Moving from a 2 per cent inflation target to a 4 per cent inflation target: I personally think that is a bridge too far for two reasons. Number one the mandate for us is not set by the Fed it is set by Congress, and Congress has said price stability. I think it is very hard to pretend that 4 per cent inflation is consistent with price stability. And two if you actually had a 4 per cent inflation target it would start to distort economic decision-making.  Think about it: at 2 per cent inflation the price level doubles every 35 years. At 4 per cent inflation it doubles twice as fast. That then really has consequences for retirees and businesses and investors. So I think I would be at this point at least pretty sceptical of the wisdom of moving to a higher inflation target.

    ... 

    Q: The Fed is supposed to be targeting 2 per cent currently, at any given time; is there any argument that you could target 2 per cent over the course of a cycle? That would get you towards this idea of a price level target without formally moving to a price level target, because you are looking at an average over time? 

    A: You could potentially have something that was sort of a soft version of price level targeting. The problem with price level targeting if you actually move to that formally is it raises a lot of questions. If you overshoot inflation how quickly do you have to bring inflation back to your 2 per cent average. If you had a more general thing that our goal is to achieve 2 per cent inflation over the medium to longer run that could be maybe a softer version of price level targeting, without having to describe all the nuances. One of the challenges of price level targeting is how do you communicate it? And the second challenge of price level targeting is if you do the symmetric version it is attractive when you undershoot inflation that you want to overshoot inflation. It is not so attractive that when you overshoot inflation you want to undershoot inflation. You want to undershoot inflation then the zero lower bound problem reasserts itself. That is really the problem of symmetric price level targeting. You are comfortable overshooting after you undershoot, you are not very comfortable if you have overshot to undershoot.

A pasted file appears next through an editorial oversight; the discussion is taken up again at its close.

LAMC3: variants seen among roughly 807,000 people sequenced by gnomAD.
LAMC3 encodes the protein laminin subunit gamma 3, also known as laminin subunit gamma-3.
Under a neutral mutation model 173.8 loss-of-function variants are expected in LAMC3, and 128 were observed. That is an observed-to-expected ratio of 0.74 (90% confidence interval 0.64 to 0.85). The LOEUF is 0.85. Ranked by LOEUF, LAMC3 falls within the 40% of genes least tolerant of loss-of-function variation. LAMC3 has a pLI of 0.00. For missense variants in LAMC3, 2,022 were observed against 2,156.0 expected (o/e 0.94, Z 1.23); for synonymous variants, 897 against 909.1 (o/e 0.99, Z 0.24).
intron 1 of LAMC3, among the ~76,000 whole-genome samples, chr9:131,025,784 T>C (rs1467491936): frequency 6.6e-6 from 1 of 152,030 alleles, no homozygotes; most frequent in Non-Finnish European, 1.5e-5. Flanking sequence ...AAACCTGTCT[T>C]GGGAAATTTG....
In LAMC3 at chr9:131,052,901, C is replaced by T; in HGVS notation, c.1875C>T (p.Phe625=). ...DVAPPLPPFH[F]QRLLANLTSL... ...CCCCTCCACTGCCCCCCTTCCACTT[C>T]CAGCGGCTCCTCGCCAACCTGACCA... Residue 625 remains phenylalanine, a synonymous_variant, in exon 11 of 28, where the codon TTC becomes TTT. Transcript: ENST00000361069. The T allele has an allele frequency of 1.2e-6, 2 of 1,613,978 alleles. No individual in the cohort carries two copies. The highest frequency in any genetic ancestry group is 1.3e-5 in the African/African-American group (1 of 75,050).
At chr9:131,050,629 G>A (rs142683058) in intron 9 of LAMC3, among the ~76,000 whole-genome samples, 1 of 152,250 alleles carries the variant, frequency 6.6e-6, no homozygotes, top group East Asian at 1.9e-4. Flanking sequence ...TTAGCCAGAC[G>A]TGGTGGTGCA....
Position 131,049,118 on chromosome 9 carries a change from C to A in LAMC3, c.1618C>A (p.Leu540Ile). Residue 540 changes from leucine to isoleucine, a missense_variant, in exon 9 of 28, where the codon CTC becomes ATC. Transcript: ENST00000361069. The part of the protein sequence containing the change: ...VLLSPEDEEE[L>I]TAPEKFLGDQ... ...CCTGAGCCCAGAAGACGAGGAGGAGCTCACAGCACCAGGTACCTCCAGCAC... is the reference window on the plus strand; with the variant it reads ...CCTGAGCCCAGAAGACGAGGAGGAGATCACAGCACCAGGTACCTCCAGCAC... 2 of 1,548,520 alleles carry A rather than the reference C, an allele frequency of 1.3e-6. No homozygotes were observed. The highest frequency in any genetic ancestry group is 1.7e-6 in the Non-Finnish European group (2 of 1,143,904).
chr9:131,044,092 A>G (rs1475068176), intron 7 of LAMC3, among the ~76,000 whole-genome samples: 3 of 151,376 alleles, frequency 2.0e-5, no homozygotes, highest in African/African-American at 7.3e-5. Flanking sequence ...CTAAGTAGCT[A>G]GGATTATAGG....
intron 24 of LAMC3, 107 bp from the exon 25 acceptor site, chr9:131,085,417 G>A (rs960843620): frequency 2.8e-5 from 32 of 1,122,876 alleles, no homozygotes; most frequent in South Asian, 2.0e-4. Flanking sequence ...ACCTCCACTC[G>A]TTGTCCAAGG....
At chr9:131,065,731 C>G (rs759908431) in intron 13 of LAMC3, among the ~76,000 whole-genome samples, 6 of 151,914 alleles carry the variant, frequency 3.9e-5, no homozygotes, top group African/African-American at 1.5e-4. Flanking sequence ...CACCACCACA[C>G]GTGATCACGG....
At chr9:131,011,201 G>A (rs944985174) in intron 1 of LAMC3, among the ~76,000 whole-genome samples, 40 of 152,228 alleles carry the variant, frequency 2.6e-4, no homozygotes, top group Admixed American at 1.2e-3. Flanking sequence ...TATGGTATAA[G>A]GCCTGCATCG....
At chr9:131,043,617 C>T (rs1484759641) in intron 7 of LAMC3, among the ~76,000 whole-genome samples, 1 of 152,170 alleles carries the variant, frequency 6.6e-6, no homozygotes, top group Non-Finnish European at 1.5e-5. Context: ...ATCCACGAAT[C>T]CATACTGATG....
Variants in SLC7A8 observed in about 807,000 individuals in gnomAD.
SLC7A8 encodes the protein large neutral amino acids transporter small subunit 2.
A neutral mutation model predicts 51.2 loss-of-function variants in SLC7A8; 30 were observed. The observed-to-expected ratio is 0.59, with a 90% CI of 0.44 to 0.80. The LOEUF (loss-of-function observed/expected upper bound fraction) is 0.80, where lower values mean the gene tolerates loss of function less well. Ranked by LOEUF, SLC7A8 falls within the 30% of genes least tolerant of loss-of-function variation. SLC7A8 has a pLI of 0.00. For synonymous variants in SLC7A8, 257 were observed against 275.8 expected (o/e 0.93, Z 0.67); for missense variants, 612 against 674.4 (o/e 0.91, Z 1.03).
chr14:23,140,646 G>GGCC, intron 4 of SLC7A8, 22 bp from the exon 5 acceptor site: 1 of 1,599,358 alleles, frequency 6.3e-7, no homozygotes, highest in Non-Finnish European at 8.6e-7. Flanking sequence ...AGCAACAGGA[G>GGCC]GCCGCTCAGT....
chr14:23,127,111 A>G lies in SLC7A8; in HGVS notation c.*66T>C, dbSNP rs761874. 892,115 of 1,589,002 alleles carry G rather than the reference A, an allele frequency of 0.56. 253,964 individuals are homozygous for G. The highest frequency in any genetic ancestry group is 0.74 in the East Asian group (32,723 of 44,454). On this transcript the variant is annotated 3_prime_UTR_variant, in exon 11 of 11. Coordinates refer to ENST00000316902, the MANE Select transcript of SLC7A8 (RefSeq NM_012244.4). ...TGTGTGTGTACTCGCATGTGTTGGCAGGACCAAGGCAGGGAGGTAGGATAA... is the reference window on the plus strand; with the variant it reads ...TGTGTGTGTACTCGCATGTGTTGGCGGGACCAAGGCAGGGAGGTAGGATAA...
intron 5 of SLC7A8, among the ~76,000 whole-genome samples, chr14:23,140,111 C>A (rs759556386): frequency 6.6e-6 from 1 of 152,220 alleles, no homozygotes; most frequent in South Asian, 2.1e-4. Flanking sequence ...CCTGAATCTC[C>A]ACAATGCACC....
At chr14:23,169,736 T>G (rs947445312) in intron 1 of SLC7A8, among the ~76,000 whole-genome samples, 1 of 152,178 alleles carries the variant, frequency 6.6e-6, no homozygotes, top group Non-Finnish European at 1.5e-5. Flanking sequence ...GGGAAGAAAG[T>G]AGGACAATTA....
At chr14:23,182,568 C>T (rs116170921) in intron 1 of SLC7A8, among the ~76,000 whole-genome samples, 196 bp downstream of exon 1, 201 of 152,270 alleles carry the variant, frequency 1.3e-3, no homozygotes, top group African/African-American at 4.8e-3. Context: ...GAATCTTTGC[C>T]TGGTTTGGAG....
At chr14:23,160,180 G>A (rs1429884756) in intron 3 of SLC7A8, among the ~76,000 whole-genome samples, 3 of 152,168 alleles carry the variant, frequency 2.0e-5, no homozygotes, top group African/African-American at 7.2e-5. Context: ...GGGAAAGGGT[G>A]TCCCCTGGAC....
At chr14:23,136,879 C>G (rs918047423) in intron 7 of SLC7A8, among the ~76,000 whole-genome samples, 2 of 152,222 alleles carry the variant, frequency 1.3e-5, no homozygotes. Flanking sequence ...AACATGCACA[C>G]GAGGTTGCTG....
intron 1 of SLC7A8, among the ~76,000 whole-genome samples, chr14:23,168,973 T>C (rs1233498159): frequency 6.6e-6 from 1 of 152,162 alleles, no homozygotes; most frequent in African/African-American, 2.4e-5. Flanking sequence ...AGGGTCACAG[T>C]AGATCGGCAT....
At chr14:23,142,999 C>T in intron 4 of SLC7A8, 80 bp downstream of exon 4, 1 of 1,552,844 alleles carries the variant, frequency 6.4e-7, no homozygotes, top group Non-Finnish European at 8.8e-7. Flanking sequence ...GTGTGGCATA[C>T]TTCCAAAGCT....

• Loretta J. Mester If the economy evolves as I anticipate, I believe further increases in interest rates will be appropriate this year and next year, at a pace similar to last year’s.

    [ January 18, 2018 ]